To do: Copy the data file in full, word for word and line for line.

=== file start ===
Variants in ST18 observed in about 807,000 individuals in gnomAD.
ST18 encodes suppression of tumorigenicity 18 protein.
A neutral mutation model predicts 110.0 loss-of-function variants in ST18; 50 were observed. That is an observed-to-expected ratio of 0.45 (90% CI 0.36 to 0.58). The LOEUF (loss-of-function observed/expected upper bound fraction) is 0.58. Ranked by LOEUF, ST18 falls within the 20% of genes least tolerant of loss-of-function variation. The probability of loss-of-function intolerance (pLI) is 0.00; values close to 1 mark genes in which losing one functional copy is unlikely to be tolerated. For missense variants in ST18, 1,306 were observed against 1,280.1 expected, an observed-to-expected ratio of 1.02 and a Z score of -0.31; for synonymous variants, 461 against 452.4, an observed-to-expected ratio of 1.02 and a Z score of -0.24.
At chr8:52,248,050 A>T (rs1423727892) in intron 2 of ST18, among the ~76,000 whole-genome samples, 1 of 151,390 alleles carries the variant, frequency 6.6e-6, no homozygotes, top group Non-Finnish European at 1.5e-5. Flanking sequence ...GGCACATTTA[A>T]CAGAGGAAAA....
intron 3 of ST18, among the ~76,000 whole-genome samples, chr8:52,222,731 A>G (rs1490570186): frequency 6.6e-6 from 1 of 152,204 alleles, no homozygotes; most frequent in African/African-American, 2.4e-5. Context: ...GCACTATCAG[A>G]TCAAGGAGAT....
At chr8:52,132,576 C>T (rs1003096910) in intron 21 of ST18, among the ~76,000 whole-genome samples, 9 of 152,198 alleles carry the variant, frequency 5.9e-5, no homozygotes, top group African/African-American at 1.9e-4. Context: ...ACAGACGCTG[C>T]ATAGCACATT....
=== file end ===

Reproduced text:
Variants in ST18 observed in about 807,000 individuals in gnomAD.
ST18 encodes suppression of tumorigenicity 18 protein.
A neutral mutation model predicts 110.0 loss-of-function variants in ST18; 50 were observed. That is an observed-to-expected ratio of 0.45 (90% CI 0.36 to 0.58). The LOEUF (loss-of-function observed/expected upper bound fraction) is 0.58. Ranked by LOEUF, ST18 falls within the 20% of genes least tolerant of loss-of-function variation. The probability of loss-of-function intolerance (pLI) is 0.00; values close to 1 mark genes in which losing one functional copy is unlikely to be tolerated. For missense variants in ST18, 1,306 were observed against 1,280.1 expected, an observed-to-expected ratio of 1.02 and a Z score of -0.31; for synonymous variants, 461 against 452.4, an observed-to-expected ratio of 1.02 and a Z score of -0.24.
At chr8:52,248,050 A>T (rs1423727892) in intron 2 of ST18, among the ~76,000 whole-genome samples, 1 of 151,390 alleles carries the variant, frequency 6.6e-6, no homozygotes, top group Non-Finnish European at 1.5e-5. Flanking sequence ...GGCACATTTA[A>T]CAGAGGAAAA....
intron 3 of ST18, among the ~76,000 whole-genome samples, chr8:52,222,731 A>G (rs1490570186): frequency 6.6e-6 from 1 of 152,204 alleles, no homozygotes; most frequent in African/African-American, 2.4e-5. Context: ...GCACTATCAG[A>G]TCAAGGAGAT....
At chr8:52,132,576 C>T (rs1003096910) in intron 21 of ST18, among the ~76,000 whole-genome samples, 9 of 152,198 alleles carry the variant, frequency 5.9e-5, no homozygotes, top group African/African-American at 1.9e-4. Context: ...ACAGACGCTG[C>T]ATAGCACATT....